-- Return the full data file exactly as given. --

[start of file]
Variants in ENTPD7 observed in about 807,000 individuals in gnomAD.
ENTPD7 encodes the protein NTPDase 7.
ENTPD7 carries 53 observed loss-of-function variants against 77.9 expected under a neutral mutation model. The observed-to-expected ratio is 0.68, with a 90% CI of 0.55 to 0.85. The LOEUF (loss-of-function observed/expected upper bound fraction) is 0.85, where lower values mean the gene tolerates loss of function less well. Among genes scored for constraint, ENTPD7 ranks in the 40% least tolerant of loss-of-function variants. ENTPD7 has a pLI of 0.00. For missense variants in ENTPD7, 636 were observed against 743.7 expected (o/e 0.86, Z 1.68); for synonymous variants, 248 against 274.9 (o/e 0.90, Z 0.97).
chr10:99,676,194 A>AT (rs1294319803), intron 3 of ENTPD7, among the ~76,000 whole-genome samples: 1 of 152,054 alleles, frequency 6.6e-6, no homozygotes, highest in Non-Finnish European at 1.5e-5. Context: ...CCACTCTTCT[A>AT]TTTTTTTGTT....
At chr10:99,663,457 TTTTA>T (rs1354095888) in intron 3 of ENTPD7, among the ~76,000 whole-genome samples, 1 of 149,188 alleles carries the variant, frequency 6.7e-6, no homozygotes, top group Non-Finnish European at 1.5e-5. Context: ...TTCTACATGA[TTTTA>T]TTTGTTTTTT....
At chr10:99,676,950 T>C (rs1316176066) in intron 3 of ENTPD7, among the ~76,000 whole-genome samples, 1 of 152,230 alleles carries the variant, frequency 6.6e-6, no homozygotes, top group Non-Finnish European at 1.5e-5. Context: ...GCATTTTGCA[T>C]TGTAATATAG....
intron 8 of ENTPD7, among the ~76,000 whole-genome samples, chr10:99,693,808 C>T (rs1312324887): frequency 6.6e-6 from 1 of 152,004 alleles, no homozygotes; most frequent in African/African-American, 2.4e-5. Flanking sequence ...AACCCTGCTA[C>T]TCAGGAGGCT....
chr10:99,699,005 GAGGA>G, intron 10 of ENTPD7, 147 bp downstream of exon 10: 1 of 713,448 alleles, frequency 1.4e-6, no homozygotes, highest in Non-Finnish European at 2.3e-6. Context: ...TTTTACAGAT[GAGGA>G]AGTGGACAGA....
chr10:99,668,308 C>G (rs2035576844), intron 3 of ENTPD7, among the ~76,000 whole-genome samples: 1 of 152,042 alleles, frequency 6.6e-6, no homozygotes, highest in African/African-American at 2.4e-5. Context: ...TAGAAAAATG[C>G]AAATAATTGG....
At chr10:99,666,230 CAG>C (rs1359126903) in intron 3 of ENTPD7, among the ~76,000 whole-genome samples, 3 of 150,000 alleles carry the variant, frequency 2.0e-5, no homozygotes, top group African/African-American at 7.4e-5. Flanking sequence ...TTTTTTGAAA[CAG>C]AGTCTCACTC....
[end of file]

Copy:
Variants in ENTPD7 observed in about 807,000 individuals in gnomAD.
ENTPD7 encodes the protein NTPDase 7.
ENTPD7 carries 53 observed loss-of-function variants against 77.9 expected under a neutral mutation model. The observed-to-expected ratio is 0.68, with a 90% CI of 0.55 to 0.85. The LOEUF (loss-of-function observed/expected upper bound fraction) is 0.85, where lower values mean the gene tolerates loss of function less well. Among genes scored for constraint, ENTPD7 ranks in the 40% least tolerant of loss-of-function variants. ENTPD7 has a pLI of 0.00. For missense variants in ENTPD7, 636 were observed against 743.7 expected (o/e 0.86, Z 1.68); for synonymous variants, 248 against 274.9 (o/e 0.90, Z 0.97).
chr10:99,676,194 A>AT (rs1294319803), intron 3 of ENTPD7, among the ~76,000 whole-genome samples: 1 of 152,054 alleles, frequency 6.6e-6, no homozygotes, highest in Non-Finnish European at 1.5e-5. Context: ...CCACTCTTCT[A>AT]TTTTTTTGTT....
At chr10:99,663,457 TTTTA>T (rs1354095888) in intron 3 of ENTPD7, among the ~76,000 whole-genome samples, 1 of 149,188 alleles carries the variant, frequency 6.7e-6, no homozygotes, top group Non-Finnish European at 1.5e-5. Context: ...TTCTACATGA[TTTTA>T]TTTGTTTTTT....
At chr10:99,676,950 T>C (rs1316176066) in intron 3 of ENTPD7, among the ~76,000 whole-genome samples, 1 of 152,230 alleles carries the variant, frequency 6.6e-6, no homozygotes, top group Non-Finnish European at 1.5e-5. Context: ...GCATTTTGCA[T>C]TGTAATATAG....
intron 8 of ENTPD7, among the ~76,000 whole-genome samples, chr10:99,693,808 C>T (rs1312324887): frequency 6.6e-6 from 1 of 152,004 alleles, no homozygotes; most frequent in African/African-American, 2.4e-5. Flanking sequence ...AACCCTGCTA[C>T]TCAGGAGGCT....
chr10:99,699,005 GAGGA>G, intron 10 of ENTPD7, 147 bp downstream of exon 10: 1 of 713,448 alleles, frequency 1.4e-6, no homozygotes, highest in Non-Finnish European at 2.3e-6. Context: ...TTTTACAGAT[GAGGA>G]AGTGGACAGA....
chr10:99,668,308 C>G (rs2035576844), intron 3 of ENTPD7, among the ~76,000 whole-genome samples: 1 of 152,042 alleles, frequency 6.6e-6, no homozygotes, highest in African/African-American at 2.4e-5. Context: ...TAGAAAAATG[C>G]AAATAATTGG....
At chr10:99,666,230 CAG>C (rs1359126903) in intron 3 of ENTPD7, among the ~76,000 whole-genome samples, 3 of 150,000 alleles carry the variant, frequency 2.0e-5, no homozygotes, top group African/African-American at 7.4e-5. Flanking sequence ...TTTTTTGAAA[CAG>C]AGTCTCACTC....